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April 16, 2018  


President Teri opened the meeting at 12:35pm.
We sang the Star-Spangled Banner, accompanied by Don Anderson on the piano.  Rud Browne gave the invocation, a reading of the Apology to Australia’s Indigenous Peoples, which was originally delivered in 2008.
President Teri regaled us with a fine video of her very accomplished surfing technique taken during her recent Hawaiian vacation.  How she keeps those skills so finely honed while living in Ferndale might take some explaining.


2nd Half 2018 RCOB dues are substantially past due.  Please get yours in if you haven't already!
Tim Fisher announced a RCOB work party on Saturday, May 5 from 9:00 AM to 1:00 PM to help assemble a trail foot-bridge at the Stimson Family Nature Reserve, 2076 Lake Louise Road. A European/Continental Breakfast with coffee will be served between 8:15 and 9:00 at the trailhead parking lot.  Contact Tim Fisher to sign up.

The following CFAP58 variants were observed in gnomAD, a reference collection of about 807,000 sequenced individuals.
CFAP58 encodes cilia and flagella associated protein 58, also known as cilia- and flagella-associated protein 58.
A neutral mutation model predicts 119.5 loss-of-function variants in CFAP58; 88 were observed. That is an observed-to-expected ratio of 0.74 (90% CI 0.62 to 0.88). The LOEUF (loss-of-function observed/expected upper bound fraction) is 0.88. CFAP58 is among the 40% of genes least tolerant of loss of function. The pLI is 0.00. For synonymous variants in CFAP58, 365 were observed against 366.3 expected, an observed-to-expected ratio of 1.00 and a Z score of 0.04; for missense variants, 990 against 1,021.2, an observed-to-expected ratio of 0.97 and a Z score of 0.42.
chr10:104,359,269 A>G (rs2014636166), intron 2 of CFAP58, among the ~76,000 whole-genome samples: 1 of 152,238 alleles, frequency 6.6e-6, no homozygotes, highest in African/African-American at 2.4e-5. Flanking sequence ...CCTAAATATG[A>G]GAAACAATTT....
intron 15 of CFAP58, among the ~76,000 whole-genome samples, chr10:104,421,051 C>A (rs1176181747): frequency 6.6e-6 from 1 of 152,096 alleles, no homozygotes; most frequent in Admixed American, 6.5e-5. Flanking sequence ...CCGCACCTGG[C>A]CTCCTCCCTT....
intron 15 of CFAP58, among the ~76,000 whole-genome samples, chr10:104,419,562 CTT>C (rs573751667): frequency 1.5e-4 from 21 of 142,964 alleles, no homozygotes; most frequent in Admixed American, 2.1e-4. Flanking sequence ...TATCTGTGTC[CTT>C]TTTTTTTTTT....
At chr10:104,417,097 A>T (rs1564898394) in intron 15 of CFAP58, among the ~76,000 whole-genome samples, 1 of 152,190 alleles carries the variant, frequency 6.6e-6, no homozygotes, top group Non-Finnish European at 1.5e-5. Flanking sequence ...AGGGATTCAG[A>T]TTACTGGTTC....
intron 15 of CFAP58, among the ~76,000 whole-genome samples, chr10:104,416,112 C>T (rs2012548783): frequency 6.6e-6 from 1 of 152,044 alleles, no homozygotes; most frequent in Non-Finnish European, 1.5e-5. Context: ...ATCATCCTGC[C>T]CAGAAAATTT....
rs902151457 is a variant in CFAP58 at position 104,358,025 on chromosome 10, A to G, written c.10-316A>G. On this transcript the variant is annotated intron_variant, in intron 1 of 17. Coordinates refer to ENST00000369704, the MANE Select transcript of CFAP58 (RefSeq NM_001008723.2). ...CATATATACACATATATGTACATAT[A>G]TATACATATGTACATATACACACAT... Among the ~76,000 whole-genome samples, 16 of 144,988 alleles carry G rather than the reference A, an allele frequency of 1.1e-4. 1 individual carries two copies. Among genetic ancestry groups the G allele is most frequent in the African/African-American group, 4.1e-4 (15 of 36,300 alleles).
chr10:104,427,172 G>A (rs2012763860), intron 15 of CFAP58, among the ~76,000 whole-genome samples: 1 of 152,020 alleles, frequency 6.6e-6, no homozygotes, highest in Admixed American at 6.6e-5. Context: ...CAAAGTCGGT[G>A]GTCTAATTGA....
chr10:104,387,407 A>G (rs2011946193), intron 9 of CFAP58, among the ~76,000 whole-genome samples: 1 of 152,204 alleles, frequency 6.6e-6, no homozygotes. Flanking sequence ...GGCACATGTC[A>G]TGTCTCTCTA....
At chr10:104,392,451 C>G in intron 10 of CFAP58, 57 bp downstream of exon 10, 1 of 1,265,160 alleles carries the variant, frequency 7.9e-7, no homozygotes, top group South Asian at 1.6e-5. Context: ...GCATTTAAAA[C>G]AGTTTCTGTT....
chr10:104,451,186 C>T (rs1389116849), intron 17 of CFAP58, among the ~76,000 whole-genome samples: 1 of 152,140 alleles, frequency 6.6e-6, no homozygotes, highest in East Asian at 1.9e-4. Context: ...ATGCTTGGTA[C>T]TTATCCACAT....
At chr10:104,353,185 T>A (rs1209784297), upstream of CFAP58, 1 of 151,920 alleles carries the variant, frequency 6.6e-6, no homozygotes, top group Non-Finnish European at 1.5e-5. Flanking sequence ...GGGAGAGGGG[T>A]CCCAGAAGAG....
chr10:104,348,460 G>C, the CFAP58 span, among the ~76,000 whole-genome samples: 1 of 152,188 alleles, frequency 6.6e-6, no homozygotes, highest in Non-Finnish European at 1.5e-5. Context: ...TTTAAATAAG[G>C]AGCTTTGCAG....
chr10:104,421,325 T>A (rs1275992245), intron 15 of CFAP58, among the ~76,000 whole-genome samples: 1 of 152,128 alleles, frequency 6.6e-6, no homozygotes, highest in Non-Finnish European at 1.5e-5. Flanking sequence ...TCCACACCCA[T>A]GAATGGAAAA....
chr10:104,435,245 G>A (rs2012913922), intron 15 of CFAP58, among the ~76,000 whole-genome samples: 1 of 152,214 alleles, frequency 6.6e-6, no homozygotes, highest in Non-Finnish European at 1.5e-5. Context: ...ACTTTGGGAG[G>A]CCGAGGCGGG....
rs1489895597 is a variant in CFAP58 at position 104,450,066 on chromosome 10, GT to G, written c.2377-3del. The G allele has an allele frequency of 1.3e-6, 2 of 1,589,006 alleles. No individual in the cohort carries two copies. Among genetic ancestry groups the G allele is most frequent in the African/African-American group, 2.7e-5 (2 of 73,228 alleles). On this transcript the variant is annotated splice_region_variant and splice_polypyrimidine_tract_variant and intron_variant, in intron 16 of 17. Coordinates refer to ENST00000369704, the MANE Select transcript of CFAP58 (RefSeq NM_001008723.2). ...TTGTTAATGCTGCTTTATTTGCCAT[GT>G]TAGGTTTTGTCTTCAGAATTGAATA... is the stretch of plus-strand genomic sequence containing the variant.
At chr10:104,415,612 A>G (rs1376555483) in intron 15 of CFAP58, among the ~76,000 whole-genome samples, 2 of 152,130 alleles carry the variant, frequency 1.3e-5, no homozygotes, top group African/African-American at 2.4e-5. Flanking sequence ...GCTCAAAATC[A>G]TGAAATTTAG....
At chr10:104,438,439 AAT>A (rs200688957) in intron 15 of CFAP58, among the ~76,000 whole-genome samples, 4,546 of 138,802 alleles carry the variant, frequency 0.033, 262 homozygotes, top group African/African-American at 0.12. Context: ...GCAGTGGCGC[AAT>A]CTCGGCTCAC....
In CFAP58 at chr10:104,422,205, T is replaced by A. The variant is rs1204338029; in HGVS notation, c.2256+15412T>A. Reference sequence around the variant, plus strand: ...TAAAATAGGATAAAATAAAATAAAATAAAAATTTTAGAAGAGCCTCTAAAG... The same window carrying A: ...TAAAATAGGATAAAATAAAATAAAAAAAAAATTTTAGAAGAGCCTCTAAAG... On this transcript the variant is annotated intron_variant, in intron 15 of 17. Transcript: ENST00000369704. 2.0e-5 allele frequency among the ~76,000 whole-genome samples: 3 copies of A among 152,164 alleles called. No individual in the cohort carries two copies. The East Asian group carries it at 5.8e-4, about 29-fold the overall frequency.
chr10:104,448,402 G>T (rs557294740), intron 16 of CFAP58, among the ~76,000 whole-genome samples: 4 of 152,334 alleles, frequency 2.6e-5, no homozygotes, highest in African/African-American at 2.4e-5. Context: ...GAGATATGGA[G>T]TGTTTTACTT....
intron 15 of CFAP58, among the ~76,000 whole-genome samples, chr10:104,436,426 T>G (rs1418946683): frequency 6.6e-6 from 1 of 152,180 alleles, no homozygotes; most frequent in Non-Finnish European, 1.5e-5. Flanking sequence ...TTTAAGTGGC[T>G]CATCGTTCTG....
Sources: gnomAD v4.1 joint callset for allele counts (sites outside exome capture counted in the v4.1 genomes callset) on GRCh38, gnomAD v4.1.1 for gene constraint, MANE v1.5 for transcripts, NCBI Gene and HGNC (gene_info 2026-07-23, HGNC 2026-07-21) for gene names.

There is an upcoming Rotary Youth Leadership Awards, RYLA, Leadership Camp, May 24-27 in Washington State.  This is open to friends and family of Rotarians, who are between the ages of 18-30. Please Click Here  for more information. These leadership camps are life changing for many.  Contact Monty McAllister or Sandee if you have a candidate.  We have one remaining spot.
Major awards nominations are being accepted by the Executive Committee for: the Will J. Griswold Club Service Award; the David C. Morse Sr. Community Service Award; the Michael K. Mischaikow International Service Award and the Karen W. Morse Vocational Service Award. They will be presented at our regular meeting June 25th. Turn in nominations to Executive Committee members President TeriDel Vandekerk, President-Elect Sandy McIntire and VP Cathy Buckley.  Details are available by Clicking Here.